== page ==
Professionals who need exquisite dexterity in their work may suffer physically from disorders like rheumatoid arthritis or accidents to their joints, which could possibly end their careers. However, there may be some hope in sight owing to a specialized cooperation from the Fraunhofer Institute, AI, and some good ol’ 3D printing.
Five Fraunhofer institutions collaborate to create the FingerKIt Consortium, which employs AI to create customized, 3D-printed joint implants that can replace these delicate finger components as needed.
The institutes in question are the Institute for Digital Medicine, the Institute for Toxicology and Experimental Medicine, the Institute for Ceramic Technologies and Systems, the Institute for Additive Manufacturing Technologies, and the Institute for Toxicology and Experimental Medicine (MEVIS). Each group contributed knowledge from their specialized field to the initiative, providing patients with a way forward who are suffering from a variety of joint-related conditions.
The Problem with Implants
There are currently few therapy options available if a finger joint becomes dysfunctional as a result of an accident or injury. A joint fusion operation is carried out in most cases.
Surgery is typically used to complete this arthrodesis procedure. The injured joint is manually straightened during the treatment, the cartilage is removed, and the bones are stabilized for long enough for a spontaneous fusion to take place.
As you may guess, this results in a finger that does not bend, which can substantially lower the patient’s quality.
The choices are constrained when conventional implants are utilized. A silicone implant is an option for patients, but it runs the risk of coming loose and requiring additional surgery to fix. Alternatively, patients can choose a standard implant, which, as the name suggests, is only offered in a few conventional sizes and does not completely restore the full range of motion to the affected finger.
Optimal Custom Solution
Therefore, the best option is one that stays clear of both of these drawbacks of the conventional implant. The optimal joint, then, is one that prevents loosening and permits the finger to regain its full range of motion. The best answer for this is a unique one.
With their AI-assisted, 3D printed joints, the FingerKIt Consortium has effectively proved this.
The workflow created by the engineers and scientists at Fraunhofer is mostly automated and eliminates a lot of the manual labour normally involved in such highly tailored work.
The researchers have created software that applies AI to turn 2D X-ray scans of the finger bones and joints into 3D models. The 3D model can then be used to virtually fix any damage to the joints.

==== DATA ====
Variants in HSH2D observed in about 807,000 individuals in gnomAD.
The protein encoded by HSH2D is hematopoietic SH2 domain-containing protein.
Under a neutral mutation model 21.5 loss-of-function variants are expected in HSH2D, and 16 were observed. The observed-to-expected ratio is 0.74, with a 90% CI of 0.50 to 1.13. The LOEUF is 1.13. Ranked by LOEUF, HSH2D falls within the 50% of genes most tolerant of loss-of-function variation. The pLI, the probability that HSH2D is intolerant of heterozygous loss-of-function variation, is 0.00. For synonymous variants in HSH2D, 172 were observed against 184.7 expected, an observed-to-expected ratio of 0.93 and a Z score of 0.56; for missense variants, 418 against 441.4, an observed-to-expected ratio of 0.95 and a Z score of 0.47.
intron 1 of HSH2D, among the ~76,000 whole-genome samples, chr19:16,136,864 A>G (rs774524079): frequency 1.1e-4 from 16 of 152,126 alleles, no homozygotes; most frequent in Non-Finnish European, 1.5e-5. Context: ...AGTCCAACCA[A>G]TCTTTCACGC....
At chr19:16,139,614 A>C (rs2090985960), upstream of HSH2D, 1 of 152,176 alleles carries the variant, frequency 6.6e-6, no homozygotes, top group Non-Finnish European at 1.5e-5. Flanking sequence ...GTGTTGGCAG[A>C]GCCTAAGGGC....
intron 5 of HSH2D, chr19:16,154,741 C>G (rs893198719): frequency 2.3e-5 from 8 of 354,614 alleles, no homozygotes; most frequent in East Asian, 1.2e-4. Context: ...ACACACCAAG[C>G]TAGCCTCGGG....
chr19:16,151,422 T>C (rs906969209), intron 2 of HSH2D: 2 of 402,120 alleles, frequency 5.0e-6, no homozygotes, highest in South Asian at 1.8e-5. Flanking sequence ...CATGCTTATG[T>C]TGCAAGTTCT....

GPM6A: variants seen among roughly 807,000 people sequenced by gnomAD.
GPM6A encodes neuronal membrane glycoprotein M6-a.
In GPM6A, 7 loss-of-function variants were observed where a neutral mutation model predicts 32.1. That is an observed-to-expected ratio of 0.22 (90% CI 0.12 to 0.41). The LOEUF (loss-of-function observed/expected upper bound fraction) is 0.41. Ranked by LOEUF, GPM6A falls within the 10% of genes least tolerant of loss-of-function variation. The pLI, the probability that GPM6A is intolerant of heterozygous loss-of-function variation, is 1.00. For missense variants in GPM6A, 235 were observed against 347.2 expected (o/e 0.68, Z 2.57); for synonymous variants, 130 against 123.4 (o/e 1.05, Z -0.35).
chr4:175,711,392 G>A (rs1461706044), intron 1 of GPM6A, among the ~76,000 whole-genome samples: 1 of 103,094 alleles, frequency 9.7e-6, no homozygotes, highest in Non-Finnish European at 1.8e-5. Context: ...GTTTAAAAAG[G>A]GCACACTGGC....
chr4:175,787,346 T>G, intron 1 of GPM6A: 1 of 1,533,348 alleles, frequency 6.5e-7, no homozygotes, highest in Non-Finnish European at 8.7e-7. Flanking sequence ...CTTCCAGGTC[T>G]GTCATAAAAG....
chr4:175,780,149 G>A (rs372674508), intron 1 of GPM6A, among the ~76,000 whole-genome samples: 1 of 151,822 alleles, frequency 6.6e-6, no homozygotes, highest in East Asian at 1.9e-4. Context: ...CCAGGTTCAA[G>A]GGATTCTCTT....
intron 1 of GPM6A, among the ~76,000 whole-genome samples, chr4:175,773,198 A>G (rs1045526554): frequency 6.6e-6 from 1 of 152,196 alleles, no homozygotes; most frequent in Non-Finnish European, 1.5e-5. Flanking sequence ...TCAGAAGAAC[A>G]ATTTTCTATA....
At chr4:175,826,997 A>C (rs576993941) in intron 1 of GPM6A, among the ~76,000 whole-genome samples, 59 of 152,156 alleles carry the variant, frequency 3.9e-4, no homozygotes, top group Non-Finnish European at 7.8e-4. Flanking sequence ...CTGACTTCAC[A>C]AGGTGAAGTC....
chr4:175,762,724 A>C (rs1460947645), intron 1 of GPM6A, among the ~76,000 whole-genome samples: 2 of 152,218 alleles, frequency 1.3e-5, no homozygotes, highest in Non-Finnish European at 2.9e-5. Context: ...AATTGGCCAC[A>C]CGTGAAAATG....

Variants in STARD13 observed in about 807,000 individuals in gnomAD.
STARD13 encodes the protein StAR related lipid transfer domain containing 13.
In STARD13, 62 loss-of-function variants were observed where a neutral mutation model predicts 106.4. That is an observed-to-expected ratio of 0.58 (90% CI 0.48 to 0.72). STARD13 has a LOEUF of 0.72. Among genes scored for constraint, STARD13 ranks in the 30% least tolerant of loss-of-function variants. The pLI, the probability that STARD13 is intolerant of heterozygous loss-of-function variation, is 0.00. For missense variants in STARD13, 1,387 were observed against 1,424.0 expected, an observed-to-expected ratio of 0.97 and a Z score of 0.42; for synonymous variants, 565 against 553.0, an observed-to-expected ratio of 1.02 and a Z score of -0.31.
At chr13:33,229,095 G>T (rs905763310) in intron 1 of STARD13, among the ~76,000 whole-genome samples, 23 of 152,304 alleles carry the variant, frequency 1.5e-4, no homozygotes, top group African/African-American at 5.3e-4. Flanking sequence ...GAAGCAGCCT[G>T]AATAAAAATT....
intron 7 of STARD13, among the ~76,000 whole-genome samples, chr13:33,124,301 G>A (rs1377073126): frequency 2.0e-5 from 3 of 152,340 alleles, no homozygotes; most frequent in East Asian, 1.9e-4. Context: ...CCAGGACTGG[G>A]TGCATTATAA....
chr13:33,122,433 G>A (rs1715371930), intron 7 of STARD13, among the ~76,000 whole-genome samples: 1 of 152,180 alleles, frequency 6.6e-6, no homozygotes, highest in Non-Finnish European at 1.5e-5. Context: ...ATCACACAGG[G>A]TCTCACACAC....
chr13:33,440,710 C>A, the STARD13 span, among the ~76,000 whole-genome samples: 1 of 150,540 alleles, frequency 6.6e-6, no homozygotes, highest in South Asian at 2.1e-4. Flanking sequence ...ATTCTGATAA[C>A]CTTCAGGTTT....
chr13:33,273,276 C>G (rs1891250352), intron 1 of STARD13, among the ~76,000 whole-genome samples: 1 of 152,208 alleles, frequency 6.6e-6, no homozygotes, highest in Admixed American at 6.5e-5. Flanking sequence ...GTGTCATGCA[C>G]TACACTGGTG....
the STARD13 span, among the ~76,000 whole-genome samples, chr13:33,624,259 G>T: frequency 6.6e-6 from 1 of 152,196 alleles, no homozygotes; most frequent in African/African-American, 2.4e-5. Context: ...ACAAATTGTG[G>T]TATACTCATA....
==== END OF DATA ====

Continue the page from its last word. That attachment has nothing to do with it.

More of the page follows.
The individual implant design is subsequently derived from the finger model using AI by the Fraunhofer IAPT (AM group) researchers, who then send it for 3D printing.
The new joints are then produced using a high-resolution metal binder jetting method. The green components are then shipped to Fraunhofer IKTS for sintering, where they are consolidated and made denser. To eliminate friction and enable better movement when implanted into the patient, the nearly net-shaped section can subsequently be sent for completion.
The biocompatibility of the materials and the approval of the implants have been handled by Fraunhofer ITEM (toxicology group), while Fraunhofer IWM (mechanics of materials group) has been carrying out the mechanical simulation of the pieces.
A Hopeful Future
The novel workflow developed by the Fraunhofer consortium can manufacture and implant highly customized pieces in just 60% of the time required by conventional methods. As a result, the full procedure—from X-ray to implant—might be finished in a matter of days. As a result, hospital stays would be shorter, which would lower overall inpatient costs.
This process is beneficial for more than just crooked fingers. Patients with missing bones or smaller joints can also use it.
For many, this is good news. The Fraunhofer technique could be used to treat the two percent of adult Germans who have inflammatory rheumatic disorders, according to the German Society for Rheumatology.
“FingerKIt could completely change the treatment of rheumatoid arthritis, for example. Personalized implants could become the gold standard,” said Imgrund.
The FingerKIt project’s technological development has now reached a stage of maturity where the method and product are ready for the market.
The consortium is currently trying to get the required approvals, and it is also looking for business collaborations in the field of medical engineering that can aid in bringing FingerKIt to market.
In conclusion, the FingerKIt Consortium has developed a promising solution for treating dysfunctional finger joints through the use of AI-assisted, 3D printed implants. The process is highly efficient, taking only 60% of the time required by conventional methods, and has the potential to be used to treat a variety of conditions including rheumatoid arthritis. The consortium is currently seeking approvals and partnerships to bring the technology to market.